Jiaming Lake

Once thought to have been created by a meteor strike some 3000 years ago, Jiaming Lake, it turns out, is actually a lot older and was formed by glacial movement during the last ice age  some 6 – 7000 years ago.

Set in southern Taiwan’s high mountains, Jiaming is one of the largest alpine lakes on the whole island with the widest point being some 120m across.

This hike takes you to two of Taiwan’s top one hundred mountains as well as to the lake and the famous Xiangyang tree pictured in the slideshow above.

A hike to Jiaming Lake typically takes 4 days and 3 nights including travel time from Taipei.

GRADING AND FITNESS

Difficulty 4 (out of 5)       Duration – 3 days and 3 nights

The hike to Jiaming Lake is quite tough, but the itinerary allows for plenty of rest.   We typical walk for around 6-7 hours on the first day, 7-8 hours on the second day and 2-3 hours on the final day.  There is some exposure to heights and high altitude.  A good level of fitness is required.   There are no fixed rope sections.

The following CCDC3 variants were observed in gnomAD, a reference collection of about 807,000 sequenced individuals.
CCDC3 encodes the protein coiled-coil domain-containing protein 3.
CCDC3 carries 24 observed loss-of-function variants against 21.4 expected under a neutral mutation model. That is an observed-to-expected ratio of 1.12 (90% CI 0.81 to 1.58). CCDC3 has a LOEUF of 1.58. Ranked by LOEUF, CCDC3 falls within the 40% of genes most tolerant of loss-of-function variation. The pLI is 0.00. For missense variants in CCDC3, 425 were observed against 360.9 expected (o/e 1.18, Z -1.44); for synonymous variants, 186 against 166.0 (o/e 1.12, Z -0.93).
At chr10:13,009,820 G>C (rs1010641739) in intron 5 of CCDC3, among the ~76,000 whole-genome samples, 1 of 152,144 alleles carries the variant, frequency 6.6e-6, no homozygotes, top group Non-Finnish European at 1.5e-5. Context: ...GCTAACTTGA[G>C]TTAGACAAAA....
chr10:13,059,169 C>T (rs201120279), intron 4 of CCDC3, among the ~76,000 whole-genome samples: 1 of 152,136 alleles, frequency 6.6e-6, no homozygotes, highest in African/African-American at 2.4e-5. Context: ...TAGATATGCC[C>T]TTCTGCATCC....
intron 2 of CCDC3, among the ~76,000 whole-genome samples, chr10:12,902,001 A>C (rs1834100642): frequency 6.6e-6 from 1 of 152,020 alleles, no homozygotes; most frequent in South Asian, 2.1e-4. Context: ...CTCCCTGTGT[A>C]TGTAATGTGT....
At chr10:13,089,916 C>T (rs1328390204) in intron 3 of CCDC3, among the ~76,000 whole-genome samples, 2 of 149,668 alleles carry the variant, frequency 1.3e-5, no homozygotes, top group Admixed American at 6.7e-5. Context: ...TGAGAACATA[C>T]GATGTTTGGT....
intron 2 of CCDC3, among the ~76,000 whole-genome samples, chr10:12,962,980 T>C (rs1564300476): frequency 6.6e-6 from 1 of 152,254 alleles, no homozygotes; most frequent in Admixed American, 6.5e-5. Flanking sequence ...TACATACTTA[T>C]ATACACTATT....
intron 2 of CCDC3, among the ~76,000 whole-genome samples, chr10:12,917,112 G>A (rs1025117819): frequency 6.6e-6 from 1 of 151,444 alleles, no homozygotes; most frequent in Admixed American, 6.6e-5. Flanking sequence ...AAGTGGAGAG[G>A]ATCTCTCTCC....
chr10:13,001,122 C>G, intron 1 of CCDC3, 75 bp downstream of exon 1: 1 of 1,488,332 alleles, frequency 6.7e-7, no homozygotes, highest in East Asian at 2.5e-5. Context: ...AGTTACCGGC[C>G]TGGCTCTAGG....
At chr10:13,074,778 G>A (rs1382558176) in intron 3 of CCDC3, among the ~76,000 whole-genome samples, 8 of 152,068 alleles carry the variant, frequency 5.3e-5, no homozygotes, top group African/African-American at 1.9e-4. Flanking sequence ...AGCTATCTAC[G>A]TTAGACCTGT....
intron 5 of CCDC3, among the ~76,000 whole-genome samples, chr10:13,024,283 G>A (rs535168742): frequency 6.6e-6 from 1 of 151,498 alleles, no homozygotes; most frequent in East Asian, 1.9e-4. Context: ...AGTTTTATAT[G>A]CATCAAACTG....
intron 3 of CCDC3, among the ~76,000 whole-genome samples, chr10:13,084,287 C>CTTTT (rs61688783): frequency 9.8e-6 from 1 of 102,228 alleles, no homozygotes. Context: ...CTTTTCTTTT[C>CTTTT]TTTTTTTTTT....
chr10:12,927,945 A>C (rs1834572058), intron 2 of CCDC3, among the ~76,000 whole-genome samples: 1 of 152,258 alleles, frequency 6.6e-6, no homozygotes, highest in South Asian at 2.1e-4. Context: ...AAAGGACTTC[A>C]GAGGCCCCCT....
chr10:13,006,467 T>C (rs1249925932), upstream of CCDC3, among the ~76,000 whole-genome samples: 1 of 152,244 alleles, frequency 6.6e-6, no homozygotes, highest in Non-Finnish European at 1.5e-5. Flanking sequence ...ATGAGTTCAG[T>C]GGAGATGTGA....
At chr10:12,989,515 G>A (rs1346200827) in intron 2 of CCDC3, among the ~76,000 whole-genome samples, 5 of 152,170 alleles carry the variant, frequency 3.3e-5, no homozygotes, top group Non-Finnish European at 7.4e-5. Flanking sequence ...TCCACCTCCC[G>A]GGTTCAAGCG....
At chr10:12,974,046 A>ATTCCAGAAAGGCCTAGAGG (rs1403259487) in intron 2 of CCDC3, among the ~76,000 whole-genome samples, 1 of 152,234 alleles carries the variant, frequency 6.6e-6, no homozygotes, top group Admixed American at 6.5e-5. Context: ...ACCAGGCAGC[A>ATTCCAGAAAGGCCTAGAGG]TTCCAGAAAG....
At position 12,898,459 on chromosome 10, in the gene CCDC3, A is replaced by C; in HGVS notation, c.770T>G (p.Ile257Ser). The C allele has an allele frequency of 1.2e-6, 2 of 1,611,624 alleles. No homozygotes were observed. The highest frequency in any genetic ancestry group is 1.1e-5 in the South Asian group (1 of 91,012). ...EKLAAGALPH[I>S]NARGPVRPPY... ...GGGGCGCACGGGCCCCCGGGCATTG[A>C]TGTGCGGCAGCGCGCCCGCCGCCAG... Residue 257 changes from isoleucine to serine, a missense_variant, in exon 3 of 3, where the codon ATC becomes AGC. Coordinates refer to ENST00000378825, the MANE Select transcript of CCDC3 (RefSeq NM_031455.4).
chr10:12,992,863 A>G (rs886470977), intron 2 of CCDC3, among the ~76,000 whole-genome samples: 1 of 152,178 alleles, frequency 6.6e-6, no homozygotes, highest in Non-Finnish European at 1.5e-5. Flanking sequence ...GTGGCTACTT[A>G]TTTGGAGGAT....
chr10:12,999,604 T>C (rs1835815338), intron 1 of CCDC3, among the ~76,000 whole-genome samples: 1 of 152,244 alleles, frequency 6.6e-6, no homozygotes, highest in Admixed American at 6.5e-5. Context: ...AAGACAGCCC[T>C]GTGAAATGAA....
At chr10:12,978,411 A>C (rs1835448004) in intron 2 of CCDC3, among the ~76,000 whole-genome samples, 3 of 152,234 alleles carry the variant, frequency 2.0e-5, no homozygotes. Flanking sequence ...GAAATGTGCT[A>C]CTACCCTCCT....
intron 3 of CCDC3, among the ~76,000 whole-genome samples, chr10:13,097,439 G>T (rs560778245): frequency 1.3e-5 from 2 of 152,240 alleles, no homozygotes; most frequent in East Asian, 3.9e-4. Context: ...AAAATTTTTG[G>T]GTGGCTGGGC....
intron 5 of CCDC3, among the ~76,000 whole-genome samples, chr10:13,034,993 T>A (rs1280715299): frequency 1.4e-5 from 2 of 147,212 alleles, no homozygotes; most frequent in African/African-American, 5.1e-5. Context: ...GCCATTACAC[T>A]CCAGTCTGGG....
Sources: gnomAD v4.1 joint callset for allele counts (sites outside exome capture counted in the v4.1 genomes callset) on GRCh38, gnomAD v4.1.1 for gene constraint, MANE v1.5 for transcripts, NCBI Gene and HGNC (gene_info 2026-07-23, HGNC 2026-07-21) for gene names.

ACCOMMODATION

The first night’s accommodation is at the campsite at the Xiangyang Forest Recreation Area.  The campsite has showers and bathrooms.

Once on the mountain, we stay in cabins that are provided by the forestry bureau park.  The cabins are very basic.  We will need to carry sleeping bags, cookware and food in.

TRANSPORTATION

Private transportation is provided from anywhere in Taipei or the Taipei/Taoyuan Airport to the mountain.  Pickups in other locations can be arranged, sometimes for a small extra fee.  Vehicles are insured; Drivers are licensed; and traffic rules are obeyed.

FOOD

All the main meals are provided for the hike.  Clients only need to bring their own snacks.  If you have any special dietary requests, allergies, or needs, let us know and we’ll be happy to accommodate you.

LEADERS AND SAFETY

All of our leaders are Wilderness First Responder certified and carry first aid kits.  They have all spent a lot of time hiking in Taiwan and are very experienced in the high mountains.  All of our leaders are native speakers of English, but also speak Mandarin and are very knowledgeable about the local mountains, flora/fauna, and culture.

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